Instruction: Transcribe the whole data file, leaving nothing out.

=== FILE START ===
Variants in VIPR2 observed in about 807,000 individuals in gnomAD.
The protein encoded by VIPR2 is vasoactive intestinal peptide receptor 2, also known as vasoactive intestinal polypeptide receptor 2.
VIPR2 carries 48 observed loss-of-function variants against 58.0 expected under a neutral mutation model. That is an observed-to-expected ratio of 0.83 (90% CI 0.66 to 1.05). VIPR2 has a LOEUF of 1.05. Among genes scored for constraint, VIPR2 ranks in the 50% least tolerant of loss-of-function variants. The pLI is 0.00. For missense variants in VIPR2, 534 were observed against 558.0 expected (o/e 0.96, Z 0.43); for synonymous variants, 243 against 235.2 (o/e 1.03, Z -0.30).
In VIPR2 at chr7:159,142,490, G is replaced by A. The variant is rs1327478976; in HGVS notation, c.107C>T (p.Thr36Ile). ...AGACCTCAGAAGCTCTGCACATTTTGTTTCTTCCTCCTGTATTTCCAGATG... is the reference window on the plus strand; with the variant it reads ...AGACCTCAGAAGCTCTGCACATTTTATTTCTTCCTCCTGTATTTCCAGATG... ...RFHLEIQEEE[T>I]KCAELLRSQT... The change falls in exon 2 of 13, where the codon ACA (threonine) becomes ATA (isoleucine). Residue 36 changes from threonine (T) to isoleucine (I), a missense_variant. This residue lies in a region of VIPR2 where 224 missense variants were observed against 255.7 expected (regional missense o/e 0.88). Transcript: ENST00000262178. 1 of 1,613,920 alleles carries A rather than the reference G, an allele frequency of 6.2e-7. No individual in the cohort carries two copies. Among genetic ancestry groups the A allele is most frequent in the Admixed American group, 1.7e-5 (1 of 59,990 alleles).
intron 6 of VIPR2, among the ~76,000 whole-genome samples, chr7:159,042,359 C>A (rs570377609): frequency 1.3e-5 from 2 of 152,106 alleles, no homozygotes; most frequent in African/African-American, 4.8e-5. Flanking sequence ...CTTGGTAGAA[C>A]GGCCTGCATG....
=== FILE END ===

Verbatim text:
Variants in VIPR2 observed in about 807,000 individuals in gnomAD.
The protein encoded by VIPR2 is vasoactive intestinal peptide receptor 2, also known as vasoactive intestinal polypeptide receptor 2.
VIPR2 carries 48 observed loss-of-function variants against 58.0 expected under a neutral mutation model. That is an observed-to-expected ratio of 0.83 (90% CI 0.66 to 1.05). VIPR2 has a LOEUF of 1.05. Among genes scored for constraint, VIPR2 ranks in the 50% least tolerant of loss-of-function variants. The pLI is 0.00. For missense variants in VIPR2, 534 were observed against 558.0 expected (o/e 0.96, Z 0.43); for synonymous variants, 243 against 235.2 (o/e 1.03, Z -0.30).
In VIPR2 at chr7:159,142,490, G is replaced by A. The variant is rs1327478976; in HGVS notation, c.107C>T (p.Thr36Ile). ...AGACCTCAGAAGCTCTGCACATTTTGTTTCTTCCTCCTGTATTTCCAGATG... is the reference window on the plus strand; with the variant it reads ...AGACCTCAGAAGCTCTGCACATTTTATTTCTTCCTCCTGTATTTCCAGATG... ...RFHLEIQEEE[T>I]KCAELLRSQT... The change falls in exon 2 of 13, where the codon ACA (threonine) becomes ATA (isoleucine). Residue 36 changes from threonine (T) to isoleucine (I), a missense_variant. This residue lies in a region of VIPR2 where 224 missense variants were observed against 255.7 expected (regional missense o/e 0.88). Transcript: ENST00000262178. 1 of 1,613,920 alleles carries A rather than the reference G, an allele frequency of 6.2e-7. No individual in the cohort carries two copies. Among genetic ancestry groups the A allele is most frequent in the Admixed American group, 1.7e-5 (1 of 59,990 alleles).
intron 6 of VIPR2, among the ~76,000 whole-genome samples, chr7:159,042,359 C>A (rs570377609): frequency 1.3e-5 from 2 of 152,106 alleles, no homozygotes; most frequent in African/African-American, 4.8e-5. Flanking sequence ...CTTGGTAGAA[C>A]GGCCTGCATG....